I was really happy to hear that Cotton Rosser has been named the 2019 Legend of Pro Rodeo. Cotton and I have been friends over 50 years and it thrills me to see a man like Cotton selected for this award as he has dedicated his entire life to being a cowboy and to the world of rodeo. Many of us in the industry venture out away from the arena from time to time to diversify our lifestyle but Cotton rarely does. For a guy who came from the inner city life of Southern California riding a motorcycle he became quite the cowboy. Cotton was a great all-around hand piloting his own airplane from rodeo to rodeo. A ranch accident put an end to his rough stock riding. He got into the western store business in Marysville, Calif. during his accident rehab by opening a store named Cotton’s Cowboy Corral. He and his wife Karen continue to operate this store today. Be sure and read the story on page 27 about his award and about the presentation that will take place at the South Point Grand Ballroom during the first week of the WNFR.

I was saddened to hear of the passing of ACTRA founder Pat Hunnicutt. Pat, along with some other West Coast ropers, came up with the one of the first concepts of handicapping ropers back in the 1980’s. Pat and I used to go back and forth with some heated letters to the editors in Ropers Sports News about the future of team roping. This was a time when there was no social media as there is today, so when one wanted to let the other ropers know what they felt, they sent a letter to the editor and it would be printed in RSN. Many opinions where either for or against some of the new ideas of team roping, but one thing for sure, Pat wasn’t shy about letting folks know her thoughts. She was a good competitor as well as a producer and will be remembered for her contributions to the roping industry. The founding of ACTRA by the Hunnicutts has left an indeliable mark on the team roping skyline as the still flourishing association celebrates its 37th year.
I had a chance to talk with Pat on the phone this past year. She was saddened that she was unable to ride anymore. Pat and her husband Larry have spent the few decades in Oklahoma.

When I remember some of the things that Pat and Larry Hunnicutt started, I can’t help but think of some of the other early day ropings that had handicapping in one way or another. S.E. Mayo of Texas along with Tommy Norton of Oregon pretty well decided who would or could rope at their ropings. Californian Buzz MacKerracher used to have a roping called, “The Non Winners Roping.” It was a roping where if you had ever placed at a major roping or had been to the NFR you couldn’t rope. Digger Howard and Perry Bigbee limited ropings for years. Digger had the Original Coors Team Roping thoughout Texas. Many of these ropings all started back in the 50’s, 60’s and 70’s before the real handicapping associations started.
In the early team roping years, the bulk of the big ropings were all on the West Coast and Southwest. Ropings of the past of great size that were in the Who’s Who of the  notable ropings included the Chowchilla Stampede, Riverside Rancheros, Oakdale, King City, Roer Ropathon, Turlock Muley Roping, Semas Muley Roping, Red Vieu Muley Pasture Roping, Santa Maria 8 Steer, Reno Rodeo 8 Steer, and Dr. Lane Falk Ranch Roping which was held at his ranch in Central California. Dr. Lane liked long scores and big steers. The roping was always held around his birthday in the month of February so weather sometimes played a factor in the conditions at his big arena. After Doc’s passing, the roping continued on in his memory at the Chowchilla fairgrounds until about 20 years ago.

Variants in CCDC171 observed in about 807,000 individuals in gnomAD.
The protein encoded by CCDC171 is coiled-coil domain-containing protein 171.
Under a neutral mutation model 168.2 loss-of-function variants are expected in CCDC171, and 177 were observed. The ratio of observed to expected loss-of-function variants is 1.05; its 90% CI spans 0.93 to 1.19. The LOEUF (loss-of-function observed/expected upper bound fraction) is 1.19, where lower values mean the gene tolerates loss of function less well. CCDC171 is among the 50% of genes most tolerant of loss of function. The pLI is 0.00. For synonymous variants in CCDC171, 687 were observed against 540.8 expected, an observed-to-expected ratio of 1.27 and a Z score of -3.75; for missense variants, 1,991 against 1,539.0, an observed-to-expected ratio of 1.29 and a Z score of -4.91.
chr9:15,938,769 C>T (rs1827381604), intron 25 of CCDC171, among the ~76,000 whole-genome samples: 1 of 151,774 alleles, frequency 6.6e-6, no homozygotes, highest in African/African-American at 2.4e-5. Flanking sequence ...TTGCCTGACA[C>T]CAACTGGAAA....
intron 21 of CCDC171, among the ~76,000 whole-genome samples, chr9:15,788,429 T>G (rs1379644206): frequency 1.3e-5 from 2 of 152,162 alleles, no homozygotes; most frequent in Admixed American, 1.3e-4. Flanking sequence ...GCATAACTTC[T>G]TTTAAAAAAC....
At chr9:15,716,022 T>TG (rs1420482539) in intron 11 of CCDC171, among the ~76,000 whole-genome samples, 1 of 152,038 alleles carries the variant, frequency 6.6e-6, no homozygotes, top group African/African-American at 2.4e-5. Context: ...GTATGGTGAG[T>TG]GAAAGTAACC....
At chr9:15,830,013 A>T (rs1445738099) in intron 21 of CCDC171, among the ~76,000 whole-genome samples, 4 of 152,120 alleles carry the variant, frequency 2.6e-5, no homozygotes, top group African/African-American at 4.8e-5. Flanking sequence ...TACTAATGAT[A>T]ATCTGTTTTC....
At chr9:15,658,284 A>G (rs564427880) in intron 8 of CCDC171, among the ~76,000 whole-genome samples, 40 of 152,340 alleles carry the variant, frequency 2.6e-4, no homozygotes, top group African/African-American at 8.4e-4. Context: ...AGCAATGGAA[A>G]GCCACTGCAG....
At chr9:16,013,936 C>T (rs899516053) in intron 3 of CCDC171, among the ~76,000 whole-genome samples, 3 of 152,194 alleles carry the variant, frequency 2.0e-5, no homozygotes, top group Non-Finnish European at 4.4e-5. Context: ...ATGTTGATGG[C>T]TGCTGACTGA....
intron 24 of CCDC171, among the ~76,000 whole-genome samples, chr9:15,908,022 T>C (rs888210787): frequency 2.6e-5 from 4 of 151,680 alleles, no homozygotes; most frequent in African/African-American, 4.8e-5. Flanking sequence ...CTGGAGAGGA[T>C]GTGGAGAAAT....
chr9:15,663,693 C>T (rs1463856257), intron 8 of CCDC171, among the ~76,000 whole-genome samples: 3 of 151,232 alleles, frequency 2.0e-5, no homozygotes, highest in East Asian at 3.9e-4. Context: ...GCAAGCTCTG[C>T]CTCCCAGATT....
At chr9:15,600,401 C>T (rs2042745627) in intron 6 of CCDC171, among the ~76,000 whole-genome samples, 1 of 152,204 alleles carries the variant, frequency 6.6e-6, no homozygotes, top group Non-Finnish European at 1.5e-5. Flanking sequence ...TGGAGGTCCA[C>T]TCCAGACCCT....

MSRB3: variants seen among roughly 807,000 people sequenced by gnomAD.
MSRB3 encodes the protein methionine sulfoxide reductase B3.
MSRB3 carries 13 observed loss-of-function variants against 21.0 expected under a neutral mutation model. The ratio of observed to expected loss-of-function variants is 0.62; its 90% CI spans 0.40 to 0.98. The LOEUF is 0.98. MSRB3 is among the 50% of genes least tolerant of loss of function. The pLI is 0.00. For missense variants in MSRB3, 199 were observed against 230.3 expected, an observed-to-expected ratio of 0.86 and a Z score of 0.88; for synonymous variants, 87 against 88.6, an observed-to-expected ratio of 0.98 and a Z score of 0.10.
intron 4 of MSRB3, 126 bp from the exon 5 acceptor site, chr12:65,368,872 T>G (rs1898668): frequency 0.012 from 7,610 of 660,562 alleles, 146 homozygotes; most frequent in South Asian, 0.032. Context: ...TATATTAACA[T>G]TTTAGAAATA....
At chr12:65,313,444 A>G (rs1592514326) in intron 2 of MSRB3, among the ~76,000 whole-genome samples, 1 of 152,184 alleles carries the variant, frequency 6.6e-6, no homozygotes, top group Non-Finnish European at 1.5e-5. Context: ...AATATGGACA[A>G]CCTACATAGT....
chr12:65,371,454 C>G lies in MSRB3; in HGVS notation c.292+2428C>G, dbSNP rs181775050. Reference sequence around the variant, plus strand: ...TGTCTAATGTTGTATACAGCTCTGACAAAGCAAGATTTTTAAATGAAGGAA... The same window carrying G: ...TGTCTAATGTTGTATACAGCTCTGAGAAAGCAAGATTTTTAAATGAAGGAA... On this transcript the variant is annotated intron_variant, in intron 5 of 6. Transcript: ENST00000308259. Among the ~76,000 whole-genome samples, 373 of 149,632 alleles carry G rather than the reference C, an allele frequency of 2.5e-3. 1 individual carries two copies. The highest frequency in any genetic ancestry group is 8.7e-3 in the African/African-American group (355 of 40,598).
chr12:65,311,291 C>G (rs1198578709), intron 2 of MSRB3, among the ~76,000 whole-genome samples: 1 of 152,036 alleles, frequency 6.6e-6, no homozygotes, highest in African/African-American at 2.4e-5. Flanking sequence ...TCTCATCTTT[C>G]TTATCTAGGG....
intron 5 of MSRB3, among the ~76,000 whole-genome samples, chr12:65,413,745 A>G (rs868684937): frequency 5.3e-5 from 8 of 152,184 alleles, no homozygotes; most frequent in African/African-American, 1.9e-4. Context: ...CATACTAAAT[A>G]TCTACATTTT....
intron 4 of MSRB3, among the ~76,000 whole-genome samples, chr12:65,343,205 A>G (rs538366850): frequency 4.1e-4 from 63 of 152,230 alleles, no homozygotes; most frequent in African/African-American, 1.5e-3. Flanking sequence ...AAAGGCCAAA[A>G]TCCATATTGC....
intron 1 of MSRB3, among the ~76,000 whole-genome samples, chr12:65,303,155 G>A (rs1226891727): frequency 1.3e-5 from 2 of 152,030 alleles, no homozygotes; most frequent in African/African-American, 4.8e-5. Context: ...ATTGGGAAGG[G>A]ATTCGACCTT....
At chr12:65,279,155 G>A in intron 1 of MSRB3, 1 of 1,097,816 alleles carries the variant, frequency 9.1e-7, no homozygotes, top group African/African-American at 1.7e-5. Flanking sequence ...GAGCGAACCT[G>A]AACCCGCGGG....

Las Vegas, Nevada held a big roping in the old days behind the Stardust Hotel and Casino. It was a beautiful arena surrounded by lawn and well manicured stall area. Horse and cattle shows were also held at this great complex. There were many more great team ropings out West in the early days and hardly any in Texas and Oklahoma. Those states had big steer and calf ropings that drew many top competitors. In the early days of team roping in Oklahoma and Texas it wasn’t uncommon to rope Holstein cattle with artificial plastic horns. The ropings were few and far between back in the 60’s and 70’s.
We will continue to have more on some of the big ropings from the good old days when the speed limit with a trailer in California was 45 mph. Because of the slow speed limit many ropers preferred small 3/4 and 1 ton stock trucks which could haul more horses and you could go the full speed limit instead of the trailer-towing speed limit. If you have any photos of those rigs, please send us a copy and we will post it.

I’m not even going to go into the PRCA standings this issue for by the time we go to press many changes will have taken place. This next three weeks host some big paying rodeos and a person could move up several places with one of the big paydays ahead. I will say that Clay Smith has a large command of the heading standings and Ryan Motes is leading the heeling. Many ropers are on the bubble and just out of the top 15 and could move up for the money close from the 25th to 15th.

If you happen to call for Steph or Jenny at the Ropers Sports News office, don’t be surprised if they are a little slow to answer as they have taken on a new helper named Wacey Lynn and they are probably working on teaching her the ropes of the office. Wacey is Steph’s Borgi puppy and has taken over the office the past three months. Once they teach her how to answer the phone it will all be back to normal around there with the girls and Tom the office cat, as well as the other four ranch dogs.
Safe travels and good luck to all of you in the next month.


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